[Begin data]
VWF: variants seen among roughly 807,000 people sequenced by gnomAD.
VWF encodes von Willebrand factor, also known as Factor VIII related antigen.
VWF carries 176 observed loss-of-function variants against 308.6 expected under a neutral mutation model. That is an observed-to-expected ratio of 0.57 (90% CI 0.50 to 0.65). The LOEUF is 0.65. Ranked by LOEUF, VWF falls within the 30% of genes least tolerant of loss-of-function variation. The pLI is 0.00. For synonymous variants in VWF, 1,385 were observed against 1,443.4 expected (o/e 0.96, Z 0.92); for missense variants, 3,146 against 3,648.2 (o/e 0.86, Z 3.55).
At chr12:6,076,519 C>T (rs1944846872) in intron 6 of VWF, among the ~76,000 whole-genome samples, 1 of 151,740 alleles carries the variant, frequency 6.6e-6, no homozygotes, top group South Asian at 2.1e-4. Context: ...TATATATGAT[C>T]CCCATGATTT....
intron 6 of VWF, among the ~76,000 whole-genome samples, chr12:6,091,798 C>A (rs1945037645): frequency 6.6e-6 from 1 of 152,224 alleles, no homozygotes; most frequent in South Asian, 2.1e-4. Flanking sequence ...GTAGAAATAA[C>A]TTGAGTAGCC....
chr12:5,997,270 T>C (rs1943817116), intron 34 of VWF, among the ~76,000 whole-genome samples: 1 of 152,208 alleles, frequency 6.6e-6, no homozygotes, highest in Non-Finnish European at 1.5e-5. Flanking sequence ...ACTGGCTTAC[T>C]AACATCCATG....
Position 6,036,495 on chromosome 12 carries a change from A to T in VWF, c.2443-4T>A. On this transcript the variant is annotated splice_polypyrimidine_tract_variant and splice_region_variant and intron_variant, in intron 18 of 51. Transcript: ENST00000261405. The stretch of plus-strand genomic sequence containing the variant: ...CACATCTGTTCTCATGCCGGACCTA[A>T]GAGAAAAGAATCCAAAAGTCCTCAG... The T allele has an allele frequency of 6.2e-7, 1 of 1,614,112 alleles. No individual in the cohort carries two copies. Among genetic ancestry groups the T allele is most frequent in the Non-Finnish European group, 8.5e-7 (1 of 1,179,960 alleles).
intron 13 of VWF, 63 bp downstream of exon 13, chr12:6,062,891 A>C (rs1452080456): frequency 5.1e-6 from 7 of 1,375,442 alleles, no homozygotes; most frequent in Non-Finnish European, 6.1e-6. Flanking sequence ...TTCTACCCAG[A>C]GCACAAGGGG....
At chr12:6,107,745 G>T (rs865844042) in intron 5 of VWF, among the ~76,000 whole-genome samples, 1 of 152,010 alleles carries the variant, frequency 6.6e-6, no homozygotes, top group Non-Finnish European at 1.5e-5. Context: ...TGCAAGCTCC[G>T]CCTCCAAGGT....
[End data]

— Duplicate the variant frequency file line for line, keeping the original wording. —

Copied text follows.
VWF: variants seen among roughly 807,000 people sequenced by gnomAD.
VWF encodes von Willebrand factor, also known as Factor VIII related antigen.
VWF carries 176 observed loss-of-function variants against 308.6 expected under a neutral mutation model. That is an observed-to-expected ratio of 0.57 (90% CI 0.50 to 0.65). The LOEUF is 0.65. Ranked by LOEUF, VWF falls within the 30% of genes least tolerant of loss-of-function variation. The pLI is 0.00. For synonymous variants in VWF, 1,385 were observed against 1,443.4 expected (o/e 0.96, Z 0.92); for missense variants, 3,146 against 3,648.2 (o/e 0.86, Z 3.55).
At chr12:6,076,519 C>T (rs1944846872) in intron 6 of VWF, among the ~76,000 whole-genome samples, 1 of 151,740 alleles carries the variant, frequency 6.6e-6, no homozygotes, top group South Asian at 2.1e-4. Context: ...TATATATGAT[C>T]CCCATGATTT....
intron 6 of VWF, among the ~76,000 whole-genome samples, chr12:6,091,798 C>A (rs1945037645): frequency 6.6e-6 from 1 of 152,224 alleles, no homozygotes; most frequent in South Asian, 2.1e-4. Flanking sequence ...GTAGAAATAA[C>A]TTGAGTAGCC....
chr12:5,997,270 T>C (rs1943817116), intron 34 of VWF, among the ~76,000 whole-genome samples: 1 of 152,208 alleles, frequency 6.6e-6, no homozygotes, highest in Non-Finnish European at 1.5e-5. Flanking sequence ...ACTGGCTTAC[T>C]AACATCCATG....
Position 6,036,495 on chromosome 12 carries a change from A to T in VWF, c.2443-4T>A. On this transcript the variant is annotated splice_polypyrimidine_tract_variant and splice_region_variant and intron_variant, in intron 18 of 51. Transcript: ENST00000261405. The stretch of plus-strand genomic sequence containing the variant: ...CACATCTGTTCTCATGCCGGACCTA[A>T]GAGAAAAGAATCCAAAAGTCCTCAG... The T allele has an allele frequency of 6.2e-7, 1 of 1,614,112 alleles. No individual in the cohort carries two copies. Among genetic ancestry groups the T allele is most frequent in the Non-Finnish European group, 8.5e-7 (1 of 1,179,960 alleles).
intron 13 of VWF, 63 bp downstream of exon 13, chr12:6,062,891 A>C (rs1452080456): frequency 5.1e-6 from 7 of 1,375,442 alleles, no homozygotes; most frequent in Non-Finnish European, 6.1e-6. Flanking sequence ...TTCTACCCAG[A>C]GCACAAGGGG....
At chr12:6,107,745 G>T (rs865844042) in intron 5 of VWF, among the ~76,000 whole-genome samples, 1 of 152,010 alleles carries the variant, frequency 6.6e-6, no homozygotes, top group Non-Finnish European at 1.5e-5. Context: ...TGCAAGCTCC[G>T]CCTCCAAGGT....